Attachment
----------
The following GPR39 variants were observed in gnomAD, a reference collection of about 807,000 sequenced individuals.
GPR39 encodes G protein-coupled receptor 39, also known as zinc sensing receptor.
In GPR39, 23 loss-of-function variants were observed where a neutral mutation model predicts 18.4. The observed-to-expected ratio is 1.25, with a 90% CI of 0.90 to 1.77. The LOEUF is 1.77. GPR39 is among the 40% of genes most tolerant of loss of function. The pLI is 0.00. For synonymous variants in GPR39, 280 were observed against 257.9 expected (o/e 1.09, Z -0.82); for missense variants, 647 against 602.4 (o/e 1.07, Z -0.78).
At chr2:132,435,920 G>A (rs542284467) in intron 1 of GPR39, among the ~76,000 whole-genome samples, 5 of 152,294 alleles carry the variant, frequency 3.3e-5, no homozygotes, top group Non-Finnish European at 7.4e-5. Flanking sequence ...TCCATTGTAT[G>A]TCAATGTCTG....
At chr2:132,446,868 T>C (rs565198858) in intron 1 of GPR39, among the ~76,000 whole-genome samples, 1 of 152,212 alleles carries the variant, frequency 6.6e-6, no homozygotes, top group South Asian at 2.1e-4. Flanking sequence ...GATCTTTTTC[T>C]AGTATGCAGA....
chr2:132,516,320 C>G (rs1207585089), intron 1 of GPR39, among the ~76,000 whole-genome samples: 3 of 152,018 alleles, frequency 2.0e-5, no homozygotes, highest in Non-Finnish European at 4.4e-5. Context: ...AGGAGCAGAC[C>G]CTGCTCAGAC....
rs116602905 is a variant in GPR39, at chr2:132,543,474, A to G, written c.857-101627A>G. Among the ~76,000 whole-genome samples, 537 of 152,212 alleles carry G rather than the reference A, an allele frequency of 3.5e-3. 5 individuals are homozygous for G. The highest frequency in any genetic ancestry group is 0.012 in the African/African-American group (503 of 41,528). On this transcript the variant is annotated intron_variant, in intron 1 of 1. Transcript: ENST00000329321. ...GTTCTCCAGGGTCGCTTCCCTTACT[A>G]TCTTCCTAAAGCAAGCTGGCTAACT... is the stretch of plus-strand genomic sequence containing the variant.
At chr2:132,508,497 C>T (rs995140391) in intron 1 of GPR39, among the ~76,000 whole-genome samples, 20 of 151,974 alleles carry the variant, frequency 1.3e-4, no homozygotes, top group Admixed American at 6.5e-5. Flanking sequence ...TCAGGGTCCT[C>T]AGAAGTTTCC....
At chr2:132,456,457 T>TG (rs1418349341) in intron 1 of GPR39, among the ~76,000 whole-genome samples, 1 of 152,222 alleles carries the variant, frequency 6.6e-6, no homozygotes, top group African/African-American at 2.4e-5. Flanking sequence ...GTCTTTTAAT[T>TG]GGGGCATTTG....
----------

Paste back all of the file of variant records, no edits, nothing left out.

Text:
The following GPR39 variants were observed in gnomAD, a reference collection of about 807,000 sequenced individuals.
GPR39 encodes G protein-coupled receptor 39, also known as zinc sensing receptor.
In GPR39, 23 loss-of-function variants were observed where a neutral mutation model predicts 18.4. The observed-to-expected ratio is 1.25, with a 90% CI of 0.90 to 1.77. The LOEUF is 1.77. GPR39 is among the 40% of genes most tolerant of loss of function. The pLI is 0.00. For synonymous variants in GPR39, 280 were observed against 257.9 expected (o/e 1.09, Z -0.82); for missense variants, 647 against 602.4 (o/e 1.07, Z -0.78).
At chr2:132,435,920 G>A (rs542284467) in intron 1 of GPR39, among the ~76,000 whole-genome samples, 5 of 152,294 alleles carry the variant, frequency 3.3e-5, no homozygotes, top group Non-Finnish European at 7.4e-5. Flanking sequence ...TCCATTGTAT[G>A]TCAATGTCTG....
At chr2:132,446,868 T>C (rs565198858) in intron 1 of GPR39, among the ~76,000 whole-genome samples, 1 of 152,212 alleles carries the variant, frequency 6.6e-6, no homozygotes, top group South Asian at 2.1e-4. Flanking sequence ...GATCTTTTTC[T>C]AGTATGCAGA....
chr2:132,516,320 C>G (rs1207585089), intron 1 of GPR39, among the ~76,000 whole-genome samples: 3 of 152,018 alleles, frequency 2.0e-5, no homozygotes, highest in Non-Finnish European at 4.4e-5. Context: ...AGGAGCAGAC[C>G]CTGCTCAGAC....
rs116602905 is a variant in GPR39, at chr2:132,543,474, A to G, written c.857-101627A>G. Among the ~76,000 whole-genome samples, 537 of 152,212 alleles carry G rather than the reference A, an allele frequency of 3.5e-3. 5 individuals are homozygous for G. The highest frequency in any genetic ancestry group is 0.012 in the African/African-American group (503 of 41,528). On this transcript the variant is annotated intron_variant, in intron 1 of 1. Transcript: ENST00000329321. ...GTTCTCCAGGGTCGCTTCCCTTACT[A>G]TCTTCCTAAAGCAAGCTGGCTAACT... is the stretch of plus-strand genomic sequence containing the variant.
At chr2:132,508,497 C>T (rs995140391) in intron 1 of GPR39, among the ~76,000 whole-genome samples, 20 of 151,974 alleles carry the variant, frequency 1.3e-4, no homozygotes, top group Admixed American at 6.5e-5. Flanking sequence ...TCAGGGTCCT[C>T]AGAAGTTTCC....
At chr2:132,456,457 T>TG (rs1418349341) in intron 1 of GPR39, among the ~76,000 whole-genome samples, 1 of 152,222 alleles carries the variant, frequency 6.6e-6, no homozygotes, top group African/African-American at 2.4e-5. Flanking sequence ...GTCTTTTAAT[T>TG]GGGGCATTTG....